About a hundred residents of Pinewood Springs gathered in front of the Pinewood Springs Fire station on Saturday, September 16, 2023… a bittersweet moment, reminding many of them of the many times they gathered there in September 2013 to hear the latest news about the damage done by the Great Flood of 2013. Both the north and south Highway 36 roads were damaged, with large pieces of asphalt falling into the river, and no cars could use them. Government officials were sent in by helicopter to help, and updating them on conditions. Eventually, the residents had three options: (1.) to exit by military helicopters to shelters (or friends) in Longmont (2.) take a resident’s trail over their property in the mountains to the Spring Gulch area, mainly using high-clearance or 4×4 vehicles (3.) remain in your home, with no electricity, water or internet. The majority left by helicopter with a small bag (and some with their pet). Eventually the roads were opened, and residents needed to show passes of residency, and travel in between construction crews during limited time periods, experiencing long lines and waits.
I lived in Pinewood Springs at the time and being a journalist, I contacted the Lyons Recorder editors and asked them to not forget coverage of Pinewood and Big Elk in their newspaper reports on the flood. They agreed and asked if I could help write articles covering the situation. I was too traumatized to write about what I was experiencing in Pinewood, and I found another journalist (Lee Williams) in town who agreed to write an article. I chose to write about Big Elk’s experience, with their dams breaking and flooding the small town. I wrote it in a timeline fashion, eg, stating “At 12:07 a.m. the fire department got the first phone call from a resident…” … “At 12:22 a.m. two firefighters started climbing water-filled ditches to knock on resident’s doors….”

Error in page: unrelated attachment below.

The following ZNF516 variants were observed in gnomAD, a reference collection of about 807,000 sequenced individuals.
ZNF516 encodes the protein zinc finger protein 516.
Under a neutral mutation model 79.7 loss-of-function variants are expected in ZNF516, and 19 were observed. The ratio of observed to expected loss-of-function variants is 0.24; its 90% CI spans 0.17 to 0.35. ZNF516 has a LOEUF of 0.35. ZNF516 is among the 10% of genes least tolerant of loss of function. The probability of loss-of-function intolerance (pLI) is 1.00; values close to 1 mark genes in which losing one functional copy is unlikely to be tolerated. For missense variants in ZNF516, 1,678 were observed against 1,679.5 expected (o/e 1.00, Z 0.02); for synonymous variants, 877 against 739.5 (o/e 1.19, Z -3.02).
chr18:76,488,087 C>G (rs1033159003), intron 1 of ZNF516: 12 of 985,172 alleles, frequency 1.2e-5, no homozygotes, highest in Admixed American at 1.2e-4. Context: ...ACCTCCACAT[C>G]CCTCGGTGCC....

This year, on Saturday, September 16, 2023, the Pinewood Springs Fire District put on an event, open to all, to hear about the trauma experienced, rescues, and community meetings that happened in those early weeks and months. Some estimate that almost half the people there were not living in Pinewood at the time. Fire Chief Ted Plank gave some details, but he left it to the then Chief in charge, Andrew Lucas. And, it ended with a social gathering, around lots of bbq sandwiches from Smokin’ Daves, side dishes, and cookies from Colorado Cherry Company. Residents exchanged stories and offer condolences, updates and/or congratulations.
“We had purchased our home in February 2013,” said Christine Zucker Swanger, “and the flood brought us closer to our neighbors who we really didn’t know at that point. Since those days, we’ve developed good friendships with several of them.” Kids also enjoyed face painting and balloon art creation, roaming magician, and open fire trucks. It was hosted by the Pinewood Spring Fire Protection District and the Pinewood Springs POA (with special thanks to Laura Levy Group).